At every turn, the goal is practical: to show you how things you might need to do are already being done, or how they can be done. The first part of the book is devoted to technology and examines issues such as varying media requirements, indexing and classification, networks and distribution, and presentation. The second part of the book is concerned with the human contexts in which digital libraries function. Here you'll find specific and useful information on usability, preservation, scientific applications, and thorny legal and economic questions.
- Thoroughly updated and expanded from original edition to include recent research, case studies and new technologies
- For librarians and technologists alike, this book provides a thorough introduction to the interdisciplinary science of digital libraries
- Written by Michael Lesk, a legend in computer science and a leading figure in the digital library field.
- Provides insights into the integration of both the technical and non-technical aspects of digital libraries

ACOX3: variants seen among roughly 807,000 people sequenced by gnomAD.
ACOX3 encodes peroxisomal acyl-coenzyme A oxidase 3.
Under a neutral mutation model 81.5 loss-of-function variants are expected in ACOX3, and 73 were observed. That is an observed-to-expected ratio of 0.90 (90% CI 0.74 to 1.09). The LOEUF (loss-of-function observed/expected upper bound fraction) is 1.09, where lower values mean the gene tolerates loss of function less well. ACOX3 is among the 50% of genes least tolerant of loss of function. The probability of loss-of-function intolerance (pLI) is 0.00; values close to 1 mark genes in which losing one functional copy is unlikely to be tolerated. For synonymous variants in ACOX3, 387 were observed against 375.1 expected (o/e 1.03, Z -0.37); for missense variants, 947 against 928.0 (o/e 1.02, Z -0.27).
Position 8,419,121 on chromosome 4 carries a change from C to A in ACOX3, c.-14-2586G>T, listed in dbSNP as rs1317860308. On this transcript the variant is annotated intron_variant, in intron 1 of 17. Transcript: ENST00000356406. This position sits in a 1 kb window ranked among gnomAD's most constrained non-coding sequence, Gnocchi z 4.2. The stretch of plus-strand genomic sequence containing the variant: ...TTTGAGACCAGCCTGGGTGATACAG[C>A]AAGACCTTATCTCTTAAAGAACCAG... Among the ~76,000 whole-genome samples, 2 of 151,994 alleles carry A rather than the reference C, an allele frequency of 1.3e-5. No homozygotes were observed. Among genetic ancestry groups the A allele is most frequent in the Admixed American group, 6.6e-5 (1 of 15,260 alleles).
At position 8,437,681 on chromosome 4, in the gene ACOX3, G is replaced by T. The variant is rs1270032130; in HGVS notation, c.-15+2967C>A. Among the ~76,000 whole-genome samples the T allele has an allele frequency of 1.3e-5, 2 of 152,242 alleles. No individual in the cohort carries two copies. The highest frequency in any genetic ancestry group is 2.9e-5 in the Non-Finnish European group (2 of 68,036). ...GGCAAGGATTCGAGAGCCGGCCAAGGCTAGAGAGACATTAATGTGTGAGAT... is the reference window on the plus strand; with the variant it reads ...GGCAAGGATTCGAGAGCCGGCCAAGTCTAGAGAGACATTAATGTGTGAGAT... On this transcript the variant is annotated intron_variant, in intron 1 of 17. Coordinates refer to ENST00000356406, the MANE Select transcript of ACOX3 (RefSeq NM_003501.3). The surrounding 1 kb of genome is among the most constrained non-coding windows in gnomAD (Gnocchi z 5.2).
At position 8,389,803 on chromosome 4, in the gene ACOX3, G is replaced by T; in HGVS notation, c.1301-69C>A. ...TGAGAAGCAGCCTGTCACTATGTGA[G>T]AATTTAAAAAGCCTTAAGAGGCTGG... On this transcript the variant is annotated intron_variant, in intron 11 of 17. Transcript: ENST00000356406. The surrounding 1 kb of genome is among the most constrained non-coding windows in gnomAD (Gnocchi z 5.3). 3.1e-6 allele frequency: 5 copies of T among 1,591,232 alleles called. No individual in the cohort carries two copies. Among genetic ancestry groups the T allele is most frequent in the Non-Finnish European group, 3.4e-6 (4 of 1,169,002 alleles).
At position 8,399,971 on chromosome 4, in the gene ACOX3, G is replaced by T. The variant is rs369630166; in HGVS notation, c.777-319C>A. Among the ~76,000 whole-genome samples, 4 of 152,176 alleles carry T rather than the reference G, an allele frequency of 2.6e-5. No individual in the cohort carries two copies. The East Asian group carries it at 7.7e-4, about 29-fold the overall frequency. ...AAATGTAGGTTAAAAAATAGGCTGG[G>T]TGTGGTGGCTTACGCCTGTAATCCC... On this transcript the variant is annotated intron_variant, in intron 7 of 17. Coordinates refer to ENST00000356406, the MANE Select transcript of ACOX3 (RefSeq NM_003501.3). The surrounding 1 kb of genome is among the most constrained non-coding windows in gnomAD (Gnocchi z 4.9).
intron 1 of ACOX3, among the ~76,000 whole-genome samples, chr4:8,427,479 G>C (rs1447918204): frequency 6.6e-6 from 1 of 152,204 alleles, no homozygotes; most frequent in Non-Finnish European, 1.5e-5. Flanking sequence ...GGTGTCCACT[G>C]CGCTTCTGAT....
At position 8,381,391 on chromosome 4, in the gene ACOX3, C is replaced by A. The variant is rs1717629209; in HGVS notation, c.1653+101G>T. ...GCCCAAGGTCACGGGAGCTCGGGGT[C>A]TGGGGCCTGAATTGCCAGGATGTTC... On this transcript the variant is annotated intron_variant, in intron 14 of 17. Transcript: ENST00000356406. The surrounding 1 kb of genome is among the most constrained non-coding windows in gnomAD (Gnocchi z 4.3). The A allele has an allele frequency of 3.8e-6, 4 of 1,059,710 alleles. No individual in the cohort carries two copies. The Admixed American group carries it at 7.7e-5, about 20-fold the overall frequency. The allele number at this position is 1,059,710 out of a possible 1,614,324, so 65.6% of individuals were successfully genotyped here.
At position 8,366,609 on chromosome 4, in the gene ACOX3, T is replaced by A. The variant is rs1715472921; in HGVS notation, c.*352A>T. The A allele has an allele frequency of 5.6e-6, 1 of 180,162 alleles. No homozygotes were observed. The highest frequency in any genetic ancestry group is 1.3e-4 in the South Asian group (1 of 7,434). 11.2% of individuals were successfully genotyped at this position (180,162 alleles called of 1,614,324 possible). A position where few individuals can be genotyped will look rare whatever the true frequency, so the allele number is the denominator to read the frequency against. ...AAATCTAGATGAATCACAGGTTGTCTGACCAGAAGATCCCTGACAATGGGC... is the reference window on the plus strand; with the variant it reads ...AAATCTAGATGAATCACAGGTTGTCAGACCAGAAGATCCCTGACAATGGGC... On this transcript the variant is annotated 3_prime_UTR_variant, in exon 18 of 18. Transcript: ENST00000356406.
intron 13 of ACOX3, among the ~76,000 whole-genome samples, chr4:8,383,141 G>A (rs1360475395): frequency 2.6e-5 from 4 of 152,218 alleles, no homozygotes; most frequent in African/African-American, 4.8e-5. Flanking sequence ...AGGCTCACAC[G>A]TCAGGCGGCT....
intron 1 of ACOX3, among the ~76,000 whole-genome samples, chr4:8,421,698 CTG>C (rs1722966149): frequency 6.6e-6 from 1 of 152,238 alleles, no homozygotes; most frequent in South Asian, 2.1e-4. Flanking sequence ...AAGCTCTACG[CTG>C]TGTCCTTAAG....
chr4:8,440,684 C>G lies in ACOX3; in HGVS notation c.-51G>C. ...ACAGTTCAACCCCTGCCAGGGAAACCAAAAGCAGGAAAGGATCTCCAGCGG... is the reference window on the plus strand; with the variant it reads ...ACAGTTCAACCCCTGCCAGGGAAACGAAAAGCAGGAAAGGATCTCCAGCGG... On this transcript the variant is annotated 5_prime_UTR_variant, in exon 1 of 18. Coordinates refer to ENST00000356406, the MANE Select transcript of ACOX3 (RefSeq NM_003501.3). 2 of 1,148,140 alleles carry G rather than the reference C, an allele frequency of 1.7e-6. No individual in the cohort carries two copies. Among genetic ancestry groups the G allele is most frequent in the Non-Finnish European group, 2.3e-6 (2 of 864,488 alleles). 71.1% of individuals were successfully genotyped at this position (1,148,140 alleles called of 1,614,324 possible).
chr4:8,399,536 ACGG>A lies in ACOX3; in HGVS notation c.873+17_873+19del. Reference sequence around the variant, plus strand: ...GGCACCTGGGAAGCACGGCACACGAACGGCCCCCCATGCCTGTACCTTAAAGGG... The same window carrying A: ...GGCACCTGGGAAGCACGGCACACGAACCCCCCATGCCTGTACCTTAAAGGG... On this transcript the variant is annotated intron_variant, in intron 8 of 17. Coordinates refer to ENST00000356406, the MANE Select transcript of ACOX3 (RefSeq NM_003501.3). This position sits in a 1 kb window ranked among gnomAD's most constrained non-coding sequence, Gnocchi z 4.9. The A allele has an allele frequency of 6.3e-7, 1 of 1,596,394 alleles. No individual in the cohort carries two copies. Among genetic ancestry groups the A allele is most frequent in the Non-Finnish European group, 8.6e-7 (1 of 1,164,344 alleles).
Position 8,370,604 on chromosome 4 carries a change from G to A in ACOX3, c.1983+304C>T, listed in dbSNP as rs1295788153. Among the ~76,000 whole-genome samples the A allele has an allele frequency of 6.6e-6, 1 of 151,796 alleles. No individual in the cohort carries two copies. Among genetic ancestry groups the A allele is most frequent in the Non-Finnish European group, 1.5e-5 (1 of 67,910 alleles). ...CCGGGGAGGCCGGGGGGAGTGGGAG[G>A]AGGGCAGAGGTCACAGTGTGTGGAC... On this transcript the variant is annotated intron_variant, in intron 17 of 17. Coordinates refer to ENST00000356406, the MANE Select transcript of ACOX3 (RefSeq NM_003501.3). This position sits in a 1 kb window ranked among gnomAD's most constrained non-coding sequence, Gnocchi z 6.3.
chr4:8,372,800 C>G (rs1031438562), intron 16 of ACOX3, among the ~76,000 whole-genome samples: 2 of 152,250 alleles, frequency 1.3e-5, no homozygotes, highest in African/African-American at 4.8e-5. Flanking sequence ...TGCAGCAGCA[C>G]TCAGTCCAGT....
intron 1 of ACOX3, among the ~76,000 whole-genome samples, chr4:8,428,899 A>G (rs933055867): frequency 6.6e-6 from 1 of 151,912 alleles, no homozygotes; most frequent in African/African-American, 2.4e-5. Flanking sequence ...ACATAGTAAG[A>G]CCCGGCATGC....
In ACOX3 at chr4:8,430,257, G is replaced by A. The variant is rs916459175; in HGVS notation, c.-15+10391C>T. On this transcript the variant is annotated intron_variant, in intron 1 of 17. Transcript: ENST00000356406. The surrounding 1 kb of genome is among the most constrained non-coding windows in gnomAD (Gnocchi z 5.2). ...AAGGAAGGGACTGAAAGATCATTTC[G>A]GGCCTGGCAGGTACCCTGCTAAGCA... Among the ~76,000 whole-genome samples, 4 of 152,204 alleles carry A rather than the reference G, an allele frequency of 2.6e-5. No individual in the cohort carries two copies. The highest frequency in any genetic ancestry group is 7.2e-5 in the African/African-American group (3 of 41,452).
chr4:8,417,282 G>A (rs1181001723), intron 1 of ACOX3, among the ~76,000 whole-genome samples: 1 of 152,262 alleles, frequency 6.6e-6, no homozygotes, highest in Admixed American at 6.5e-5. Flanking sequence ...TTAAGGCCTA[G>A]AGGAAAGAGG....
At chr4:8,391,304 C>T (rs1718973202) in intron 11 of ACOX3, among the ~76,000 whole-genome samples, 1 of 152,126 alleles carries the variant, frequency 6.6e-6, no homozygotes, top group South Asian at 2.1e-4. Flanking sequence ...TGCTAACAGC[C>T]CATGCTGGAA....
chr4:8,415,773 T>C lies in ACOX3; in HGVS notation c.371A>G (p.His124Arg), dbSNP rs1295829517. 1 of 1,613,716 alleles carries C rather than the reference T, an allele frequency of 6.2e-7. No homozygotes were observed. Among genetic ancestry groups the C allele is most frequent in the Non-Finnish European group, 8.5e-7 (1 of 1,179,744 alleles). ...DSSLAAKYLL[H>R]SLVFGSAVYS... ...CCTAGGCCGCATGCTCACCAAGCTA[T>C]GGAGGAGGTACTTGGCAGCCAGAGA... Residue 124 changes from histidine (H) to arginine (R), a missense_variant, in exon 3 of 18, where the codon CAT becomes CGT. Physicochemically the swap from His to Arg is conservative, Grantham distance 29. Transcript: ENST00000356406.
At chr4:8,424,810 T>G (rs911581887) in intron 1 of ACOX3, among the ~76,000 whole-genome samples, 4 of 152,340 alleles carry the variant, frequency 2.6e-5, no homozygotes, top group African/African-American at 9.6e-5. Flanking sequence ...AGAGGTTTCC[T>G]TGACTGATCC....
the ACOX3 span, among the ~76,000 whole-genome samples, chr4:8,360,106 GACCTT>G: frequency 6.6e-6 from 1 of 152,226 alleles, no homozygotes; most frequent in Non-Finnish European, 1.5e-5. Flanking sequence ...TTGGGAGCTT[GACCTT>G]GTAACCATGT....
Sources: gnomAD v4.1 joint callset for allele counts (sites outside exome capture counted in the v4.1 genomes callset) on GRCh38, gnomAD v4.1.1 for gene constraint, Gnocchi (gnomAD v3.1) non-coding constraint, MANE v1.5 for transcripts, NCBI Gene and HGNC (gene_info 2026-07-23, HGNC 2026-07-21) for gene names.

Michael Lesk joined the computer science research group at Bell Laboratories after receiving his Ph.D. degree in Chemical Physics in 1969. He went on to manage the computer science research group at Bellcore, where he is now a chief research scientist. He is best known for his work in electronic libraries, but has worked in document production and retrieval software, computer networks, computer languages, and human-computer interfaces as well. Past chair of the Association for Computing Machinery's special interest groups on Language Analysis and Information Retrieval, Lesk was Senior Visiting Fellow of the British Library in 1987 and is currently Visiting Professor of Computer Science at University College London. Lesk has been recently elected to the US National Academy of Engineering, in recognition of his contributions to UNIX applications, information systems, and digital libraries.